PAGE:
Workplaces today include four different age groups: veterans, baby boomers, Gen X and Gen Y.
The different dynamics of each group may have you scrambling to tailor your motivation and training tactics.
The proportion of Gen Y workers—born between 1980 and 2000—has grown the most in recent years and poses the greatest challenge to employers, says MetLife’s 10th annual Study of Employee Benefits Trends.
Managers need to teach them the basics, but should also be mentoring and showing them all aspects of the business. This will ensure you retain younger employees.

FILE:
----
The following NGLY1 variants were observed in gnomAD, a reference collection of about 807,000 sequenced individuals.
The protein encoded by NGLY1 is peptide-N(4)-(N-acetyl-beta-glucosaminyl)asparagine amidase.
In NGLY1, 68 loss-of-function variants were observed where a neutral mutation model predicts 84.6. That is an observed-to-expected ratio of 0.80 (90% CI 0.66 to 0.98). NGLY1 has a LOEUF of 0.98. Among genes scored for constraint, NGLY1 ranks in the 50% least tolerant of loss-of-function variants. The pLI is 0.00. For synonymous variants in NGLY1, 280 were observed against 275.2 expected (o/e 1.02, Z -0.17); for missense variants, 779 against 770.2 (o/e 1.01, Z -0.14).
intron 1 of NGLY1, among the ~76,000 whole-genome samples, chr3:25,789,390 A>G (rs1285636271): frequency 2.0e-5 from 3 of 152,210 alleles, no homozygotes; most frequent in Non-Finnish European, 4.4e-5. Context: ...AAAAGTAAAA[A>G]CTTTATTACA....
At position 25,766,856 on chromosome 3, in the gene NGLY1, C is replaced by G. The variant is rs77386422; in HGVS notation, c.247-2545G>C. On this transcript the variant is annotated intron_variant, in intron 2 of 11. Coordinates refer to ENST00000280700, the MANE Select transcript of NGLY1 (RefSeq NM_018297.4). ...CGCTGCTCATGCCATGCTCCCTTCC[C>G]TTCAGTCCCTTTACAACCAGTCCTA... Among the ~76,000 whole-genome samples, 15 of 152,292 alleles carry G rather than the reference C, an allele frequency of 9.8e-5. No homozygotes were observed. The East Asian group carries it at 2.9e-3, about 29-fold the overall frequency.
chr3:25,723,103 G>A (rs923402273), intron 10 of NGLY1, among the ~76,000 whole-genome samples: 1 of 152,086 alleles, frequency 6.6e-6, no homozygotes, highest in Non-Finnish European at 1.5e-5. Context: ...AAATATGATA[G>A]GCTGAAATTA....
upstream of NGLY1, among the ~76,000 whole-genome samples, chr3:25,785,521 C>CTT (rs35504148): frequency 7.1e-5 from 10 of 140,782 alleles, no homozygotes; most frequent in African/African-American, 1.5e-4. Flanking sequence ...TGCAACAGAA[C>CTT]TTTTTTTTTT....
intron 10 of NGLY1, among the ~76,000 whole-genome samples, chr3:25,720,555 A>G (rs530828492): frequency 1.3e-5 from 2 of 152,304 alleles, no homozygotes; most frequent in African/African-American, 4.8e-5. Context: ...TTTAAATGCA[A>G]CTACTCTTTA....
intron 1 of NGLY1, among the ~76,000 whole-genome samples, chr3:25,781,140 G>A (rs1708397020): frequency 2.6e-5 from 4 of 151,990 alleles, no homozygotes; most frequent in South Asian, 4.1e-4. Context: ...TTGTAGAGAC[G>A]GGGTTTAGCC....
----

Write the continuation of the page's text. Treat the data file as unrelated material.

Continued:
Understanding Gen Y
Let’s examine some of their common traits: younger employees value flexible work schedules and telecommuting and, when researching a potential employer, tend to focus on its location and social responsibility platform.
They will also change jobs an average of 15-to-20 times over their careers, says Anne Egros, a global executive coach. But, she finds them capable and committed—working collaboratively and generating results for their employer when in an exciting and suitable work environment.
Young, technology savvy workers like to multi-task and use instant messaging, Twitter, blogs and e-mail to share and work with colleagues and company followers.
For more about the up-and-coming generation of advisors and brokers, read these articles:
Portions of this post originally appeared on benefitscanada.com